- National Orders honour for rowing’s ‘Oarsome Foursome’
- Fireballs douse Flames’ challenge in Brutal encounter
- More teams for reverse Test series against India
- Trim Hoffman looks to have what it takes to win in Durban
- Ngoepe is South Africa’s first Gift to the Major League!
- Amajita fine-tune World Cup preparations in Netherlands
- Haig celebrates comeback with fourth IGT Tour victory
- Sixth-time lucky as Van Rensburg finally savours SA title
- Is mighty Manyonga the world’s first nine-metre man?
- Mistry tames the nerves to nail victory at Wanderers
Carol considers appeal
- Updated: September 15, 2010
By Mark Etheridge
Slapped with a two-year suspension after testing positive for a banned substance, Olympic canoeist Carol Joyce is considering appealing her banning.
Joyce, who represented South Africa at the Beijing Olympics in 2008, was this week handed a two-year ban after testing positive for banned steroid Nandrolone in an out-of-competition test.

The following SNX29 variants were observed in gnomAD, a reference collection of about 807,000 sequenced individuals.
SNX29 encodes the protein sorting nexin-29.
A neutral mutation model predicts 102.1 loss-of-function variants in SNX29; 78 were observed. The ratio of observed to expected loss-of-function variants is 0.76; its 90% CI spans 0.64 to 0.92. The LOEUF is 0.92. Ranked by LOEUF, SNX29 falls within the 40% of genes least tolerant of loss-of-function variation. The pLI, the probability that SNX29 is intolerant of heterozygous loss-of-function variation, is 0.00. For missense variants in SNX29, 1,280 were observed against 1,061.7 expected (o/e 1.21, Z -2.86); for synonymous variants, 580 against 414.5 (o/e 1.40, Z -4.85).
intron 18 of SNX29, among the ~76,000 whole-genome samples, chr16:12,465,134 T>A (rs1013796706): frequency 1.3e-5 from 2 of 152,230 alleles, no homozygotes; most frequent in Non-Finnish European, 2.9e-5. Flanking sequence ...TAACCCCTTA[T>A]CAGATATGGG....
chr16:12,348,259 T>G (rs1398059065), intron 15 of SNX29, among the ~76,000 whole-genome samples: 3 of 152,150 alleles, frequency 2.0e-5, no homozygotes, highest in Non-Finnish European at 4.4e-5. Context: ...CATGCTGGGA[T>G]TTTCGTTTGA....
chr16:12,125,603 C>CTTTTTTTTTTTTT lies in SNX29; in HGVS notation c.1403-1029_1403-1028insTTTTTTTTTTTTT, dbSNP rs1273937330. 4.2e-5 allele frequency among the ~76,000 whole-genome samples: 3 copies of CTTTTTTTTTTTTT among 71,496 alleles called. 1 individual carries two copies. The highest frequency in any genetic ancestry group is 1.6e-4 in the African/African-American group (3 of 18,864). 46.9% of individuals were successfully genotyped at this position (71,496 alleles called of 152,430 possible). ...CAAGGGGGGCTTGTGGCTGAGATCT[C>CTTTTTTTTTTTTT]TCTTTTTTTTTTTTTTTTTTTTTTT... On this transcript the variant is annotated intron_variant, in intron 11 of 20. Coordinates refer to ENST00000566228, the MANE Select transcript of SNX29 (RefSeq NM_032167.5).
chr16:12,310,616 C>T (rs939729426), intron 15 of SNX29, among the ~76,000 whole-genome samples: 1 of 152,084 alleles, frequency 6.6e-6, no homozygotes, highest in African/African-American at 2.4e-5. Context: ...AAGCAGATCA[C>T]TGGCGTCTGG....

Canoeing South Africa imposed the two-year ban, backdated to the date of the testing, 29 September 2009. This means that she will be able to compete again on 29 September 2011.
Joyce said in a statement shortly after the decision was made public: “I am devastated┬áby the decision of the Canoeing South Africa (CSA) tribunal. I have never taken a banned substance. I am innocent so this is a very bitter pill to swallow.
“After almost 12 months of investigations, tests and hearings, I was confident that I would be acquitted of the charge against me. There is a lot of uncertainty about the steroid┬áNandrolone, (a substance produced naturally by the body) and how it is metabolised in a variety of substances.
“By contrast, there was certainty on a number of other areas, such as: ┬áthe failure by the South African Institute for Drug-free Sports (SAIDS) to handle and transport my urine sample according to its own standards and rules and the failure by SAIDS to test my B sample in terms of its own rules. As a result of this, I have been denied objectivity, fairness, equity and justice.┬áI am in the process of considering the merits of an appeal.
“Whilst I endorse the objectives of SAIDS, I maintain, that where they fail to observe their own rules they should not be entitled to impose any sanction on an innocent athlete.
“I remain grateful to those friends who have┬ásupported me during this very difficult period in my life.”